The Kelsen model of constitutional jurisdiction as the theoretical basis of the European system of constitutional justice
The article is devoted to the study of the content of the model of constitutional jurisdiction proposed by H. Kelsen, which at one time actually became the theoretical basis of the modern European system of constitutional justice. It is stated that the model formulated by a well-known Austrian law theorist not only envisaged instrumental-institutional proposals for the creation of a new public authority, but also embodied the definite concept of common sense of law defined by Kelsen, which was based on the ideas of a hierarchical legal system acts of the Constitution as the law of the highest legal force. It is substantiated that the model proposed by H. Kelsen substantially outstripped the existing legal reality and was used almost in its purest form by most European countries, and in particular was directly reflected in the domestic model of constitutional jurisdiction.
It is noted that, according to Kelsen's concept in a number of papers, in particular in the Judicial Review of Legislation: A Comparative Study of the Austrian and American Constitutions, the constitutionality of legislation can be ensured in two separate ways, both of which were enshrined in the Austrian Constitution of 1920: the responsibility of the body that issued the unconstitutional norm and the non-application of the unconstitutional norm. Non-application of a constitutional rule could be achieved by giving law enforcement authorities the power to review the constitutionality of a rule they must apply in a particular case and refuse to apply it in that particular case, if there is reason to consider such a rule unconstitutional. A similar mechanism has actually been introduced in the United States. The fact that a law enforcement authority recognizes a general rule as unconstitutional and does not apply it in a particular case meant that that authority was empowered to revoke the general rule for a particular case, and only for a specific case, since the general rule as such (normative act) remains applicable and may be applied in other specific cases. The disadvantage of this fuse is that different law enforcement agencies may have differing views on the constitutionality of a law, whereby one authority can apply it as it considers constitutional, while another authority will refuse to apply it because it will see signs of unconstitutionality. The lack of unanimity in deciding whether a law is constitutional, that is, whether a constitution is violated, carries great danger for the authority of the constitution.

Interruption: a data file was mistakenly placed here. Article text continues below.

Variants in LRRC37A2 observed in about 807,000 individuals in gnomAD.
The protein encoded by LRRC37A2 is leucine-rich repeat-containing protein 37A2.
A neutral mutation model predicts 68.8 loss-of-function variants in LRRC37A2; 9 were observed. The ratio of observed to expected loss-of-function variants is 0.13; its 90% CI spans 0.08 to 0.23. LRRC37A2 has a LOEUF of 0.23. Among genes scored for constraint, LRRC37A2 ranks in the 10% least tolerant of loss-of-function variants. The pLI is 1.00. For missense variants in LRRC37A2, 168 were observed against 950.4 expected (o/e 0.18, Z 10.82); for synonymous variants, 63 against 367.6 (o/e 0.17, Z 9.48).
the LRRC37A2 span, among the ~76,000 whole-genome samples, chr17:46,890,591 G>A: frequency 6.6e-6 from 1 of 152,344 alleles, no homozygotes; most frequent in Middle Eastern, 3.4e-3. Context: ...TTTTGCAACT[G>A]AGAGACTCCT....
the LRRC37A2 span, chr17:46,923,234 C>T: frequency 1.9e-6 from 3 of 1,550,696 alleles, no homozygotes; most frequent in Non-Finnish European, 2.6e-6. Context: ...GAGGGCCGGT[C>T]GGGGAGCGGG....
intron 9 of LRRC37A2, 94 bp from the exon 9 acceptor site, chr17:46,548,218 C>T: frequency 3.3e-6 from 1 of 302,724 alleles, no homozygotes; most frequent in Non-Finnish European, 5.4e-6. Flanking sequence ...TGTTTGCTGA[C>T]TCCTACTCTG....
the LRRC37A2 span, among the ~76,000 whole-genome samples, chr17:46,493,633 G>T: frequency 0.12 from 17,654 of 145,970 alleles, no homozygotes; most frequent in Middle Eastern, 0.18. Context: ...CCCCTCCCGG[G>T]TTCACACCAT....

In most European countries, it is stated that H. Kelsen's concept was used almost in its purest form, with one exception: the powers to directly protect constitutional rights and freedoms were given to a separate judicial authority. The extension of the appropriate model of judicial constitutional control and the formation of constitutional courts fell in the second half of the twentieth century, when the need to prevent the return of Nazism caused a qualitatively new level of attention to the phenomenon of constitutional justice. The formation of new post-war constitutional-democratic regimes in Germany, Italy, Austria, and later in Spain and Greece, provided for the creation of a mechanism by conferring on the constitutional courts powers to protect constitutional rights and freedoms from usurpation of public power.
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